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Gentle discipline not working - Page 2

post #21 of 26
Quote:
I am not always perfect
Who is, MamaOui?
post #22 of 26

I'm so glad I found this thread!!!!

I have been using GD from the beginning, and I have recently been feeling like I've totally failed my DD. Thanks for reminding me that she's only 2.5yrs for goodness sakes! Reading everyone's thoughtful replies to Melanie has made me realize that I've slacked in a few places: like not GETTING off my BUTT, like lecturing, like not looking behind the behavior.

I had been thinking the problem was HER but it's really her parents! : We've shunted her emotional release so many times that it's not resolved, it's just diverted.

Today (well, not just today) I was feeling a little abused by her, as she's been hitting me (HARD) and pulling a 'mutiny' whenever there's a demand (ie brush teeth, hair, diaper change, etc), and no matter HOW MUCH time I spend playing with her, it's *never enough. If I have to direct my attention to household duties or something, she just makes it harder to do (ie, folding clothes, she'll undo all the work I just did )

Have any of you felt this way? (abused, I mean) Just thwak me if that's a REALLY stupid question. : How do you deal with it if that's how you're feeling?
post #23 of 26
Shellys mama

The author of "... jeremy" does believe that while backtalk is not wornderful, that it is not worth doing too much about. I mean, he suggests talking to the child later (not during the argument, but when you and child are in a good mood) and just saying "I really did not like it when you talked to me rudely today." I have found that this helps but is not going to cut the backtalk completely which is O.K. Also, the less you are bothered by it, the less kids seem to do it.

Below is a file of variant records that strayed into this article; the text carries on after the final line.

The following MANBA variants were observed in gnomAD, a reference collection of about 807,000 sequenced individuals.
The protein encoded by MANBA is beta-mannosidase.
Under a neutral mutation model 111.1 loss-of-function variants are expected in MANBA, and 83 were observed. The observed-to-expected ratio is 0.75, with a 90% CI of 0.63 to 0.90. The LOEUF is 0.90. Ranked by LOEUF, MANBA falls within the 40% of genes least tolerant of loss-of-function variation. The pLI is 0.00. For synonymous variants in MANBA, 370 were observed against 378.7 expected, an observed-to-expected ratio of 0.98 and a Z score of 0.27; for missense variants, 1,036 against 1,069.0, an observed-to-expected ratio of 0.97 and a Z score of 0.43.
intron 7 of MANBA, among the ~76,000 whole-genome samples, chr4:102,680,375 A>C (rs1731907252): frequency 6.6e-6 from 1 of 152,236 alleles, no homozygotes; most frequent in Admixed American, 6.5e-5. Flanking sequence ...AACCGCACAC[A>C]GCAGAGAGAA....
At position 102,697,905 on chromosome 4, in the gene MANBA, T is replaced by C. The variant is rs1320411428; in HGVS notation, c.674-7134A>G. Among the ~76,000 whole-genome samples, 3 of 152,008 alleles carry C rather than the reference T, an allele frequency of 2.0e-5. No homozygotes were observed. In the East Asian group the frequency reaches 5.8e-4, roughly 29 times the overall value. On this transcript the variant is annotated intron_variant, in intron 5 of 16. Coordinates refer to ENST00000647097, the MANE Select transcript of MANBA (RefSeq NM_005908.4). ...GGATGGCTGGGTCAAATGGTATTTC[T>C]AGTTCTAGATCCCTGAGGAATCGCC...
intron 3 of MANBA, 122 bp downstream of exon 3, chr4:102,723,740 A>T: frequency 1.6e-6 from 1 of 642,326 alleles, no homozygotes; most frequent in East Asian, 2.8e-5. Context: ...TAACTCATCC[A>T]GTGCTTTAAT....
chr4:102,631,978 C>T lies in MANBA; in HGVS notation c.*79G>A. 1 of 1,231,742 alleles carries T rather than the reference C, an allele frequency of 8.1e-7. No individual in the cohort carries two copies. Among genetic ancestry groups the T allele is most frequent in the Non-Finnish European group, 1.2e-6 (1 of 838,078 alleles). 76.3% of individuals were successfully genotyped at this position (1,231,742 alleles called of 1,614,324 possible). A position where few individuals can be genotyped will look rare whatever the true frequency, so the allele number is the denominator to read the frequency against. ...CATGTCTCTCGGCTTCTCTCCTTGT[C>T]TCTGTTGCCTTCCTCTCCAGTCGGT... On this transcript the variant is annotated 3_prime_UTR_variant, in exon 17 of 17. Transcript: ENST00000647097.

Also, I usually say "___, you really need to go to your room now" Which is a somewhat gentler way of putting things.

BTY, have you got DH to read any of the book. Maybe even a few pages????

DEBRA,
in the book "Jeremy's Parent's" the author has this chart. It says something like:

How much of your time kids NEED: ALOT of it

How much of your time kids WANT: ALL of it.
post #24 of 26
I have two thoughts after reading the previous posts.

First, it generally works much better with children of all ages if the rules and requests can be stated in a positive manner. For example, instead of saying "Don't open the door, Poopsie!" try "Poopsie, the door needs to stay closed." Now the phrase in the child's head is 'door closed' instead of 'open the door' And if the door is going to be a long term limit, try to find a way to lock the door. A locked door isn't going to be a question of obedience or disobedience. It is a true limit, because it simply cannot be opened by the child and now you don't have to even discuss it.

Second, I'd advise never trying to have a 15 minutes conversation with a two year old about anything. Brief and to the point and then follow through! There is a business management style known as Management by Walking Around (pretty much being visible, accessible, and available to respond to what's going on) and I think it works well for parenting. I often tell my husband that his problem is he engages in Parenting by Sitting on Your Butt. That doesn't work so well LOL.
post #25 of 26
My ds is 20 months old, and there are plenty of times when I wonder if this GD stuff is really "working." But then I have to remind myself that ds is not even 2 years old, and every (annoying) thing he does is perfectly developmentally correct - he's just trying to figure out how the world works.

I definitely agree that you have to "get off your butt." If I want ds to stop doing something I have to get up and physically remove him from the situation. If he's standing on his table, I will go put him back on the floor, and the only thing I say is, "feet stay on the floor."
post #26 of 26
I think it is interesting to decide what "working" means. I don't think it means that once you tell your child something you are done telling them that thing. It takes a long time. The author of "Jeremey" tells about how it took his son years to fully take on the chore of bringing in the cans on garbage day. For years the boy would never do the chore without being asked. Then one day, the dad came home and he couldn't find his garbage cans. Finally, he realized his son had taken them into the garage without being asked. When he said to his son "Wow, you took the cans in without being asked" his kid looked at him like he was stupid and said "yeah, its my job". That took 4 years to "work" As the author said his son had accepted that it was his job, he just didn't do it, until he was mature ennough to do the task on his own.
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